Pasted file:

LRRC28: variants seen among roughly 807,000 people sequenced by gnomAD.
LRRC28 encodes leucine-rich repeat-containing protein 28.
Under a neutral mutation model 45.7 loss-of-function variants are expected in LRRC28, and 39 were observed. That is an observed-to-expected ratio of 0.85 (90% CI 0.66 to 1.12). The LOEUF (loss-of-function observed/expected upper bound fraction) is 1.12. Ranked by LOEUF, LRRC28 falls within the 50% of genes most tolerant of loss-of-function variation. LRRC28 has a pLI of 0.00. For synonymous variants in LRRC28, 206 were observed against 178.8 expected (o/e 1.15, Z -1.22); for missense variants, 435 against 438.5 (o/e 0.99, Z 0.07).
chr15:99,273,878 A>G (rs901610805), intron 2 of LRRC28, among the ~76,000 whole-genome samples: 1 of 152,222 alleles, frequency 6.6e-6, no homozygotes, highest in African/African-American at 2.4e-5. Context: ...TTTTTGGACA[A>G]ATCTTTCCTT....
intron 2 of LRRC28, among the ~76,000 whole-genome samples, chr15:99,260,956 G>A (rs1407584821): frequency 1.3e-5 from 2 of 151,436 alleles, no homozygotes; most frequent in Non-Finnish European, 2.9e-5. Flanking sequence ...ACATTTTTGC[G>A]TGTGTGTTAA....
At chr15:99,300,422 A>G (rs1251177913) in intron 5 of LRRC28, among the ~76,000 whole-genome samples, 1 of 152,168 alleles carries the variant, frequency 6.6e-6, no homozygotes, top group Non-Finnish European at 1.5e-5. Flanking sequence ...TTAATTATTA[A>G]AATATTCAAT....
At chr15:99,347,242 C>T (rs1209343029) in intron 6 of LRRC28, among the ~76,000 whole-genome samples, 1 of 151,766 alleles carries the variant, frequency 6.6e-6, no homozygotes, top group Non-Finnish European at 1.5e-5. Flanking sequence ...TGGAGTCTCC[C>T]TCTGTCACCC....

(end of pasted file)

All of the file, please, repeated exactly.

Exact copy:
LRRC28: variants seen among roughly 807,000 people sequenced by gnomAD.
LRRC28 encodes leucine-rich repeat-containing protein 28.
Under a neutral mutation model 45.7 loss-of-function variants are expected in LRRC28, and 39 were observed. That is an observed-to-expected ratio of 0.85 (90% CI 0.66 to 1.12). The LOEUF (loss-of-function observed/expected upper bound fraction) is 1.12. Ranked by LOEUF, LRRC28 falls within the 50% of genes most tolerant of loss-of-function variation. LRRC28 has a pLI of 0.00. For synonymous variants in LRRC28, 206 were observed against 178.8 expected (o/e 1.15, Z -1.22); for missense variants, 435 against 438.5 (o/e 0.99, Z 0.07).
chr15:99,273,878 A>G (rs901610805), intron 2 of LRRC28, among the ~76,000 whole-genome samples: 1 of 152,222 alleles, frequency 6.6e-6, no homozygotes, highest in African/African-American at 2.4e-5. Context: ...TTTTTGGACA[A>G]ATCTTTCCTT....
intron 2 of LRRC28, among the ~76,000 whole-genome samples, chr15:99,260,956 G>A (rs1407584821): frequency 1.3e-5 from 2 of 151,436 alleles, no homozygotes; most frequent in Non-Finnish European, 2.9e-5. Flanking sequence ...ACATTTTTGC[G>A]TGTGTGTTAA....
At chr15:99,300,422 A>G (rs1251177913) in intron 5 of LRRC28, among the ~76,000 whole-genome samples, 1 of 152,168 alleles carries the variant, frequency 6.6e-6, no homozygotes, top group Non-Finnish European at 1.5e-5. Flanking sequence ...TTAATTATTA[A>G]AATATTCAAT....
At chr15:99,347,242 C>T (rs1209343029) in intron 6 of LRRC28, among the ~76,000 whole-genome samples, 1 of 151,766 alleles carries the variant, frequency 6.6e-6, no homozygotes, top group Non-Finnish European at 1.5e-5. Flanking sequence ...TGGAGTCTCC[C>T]TCTGTCACCC....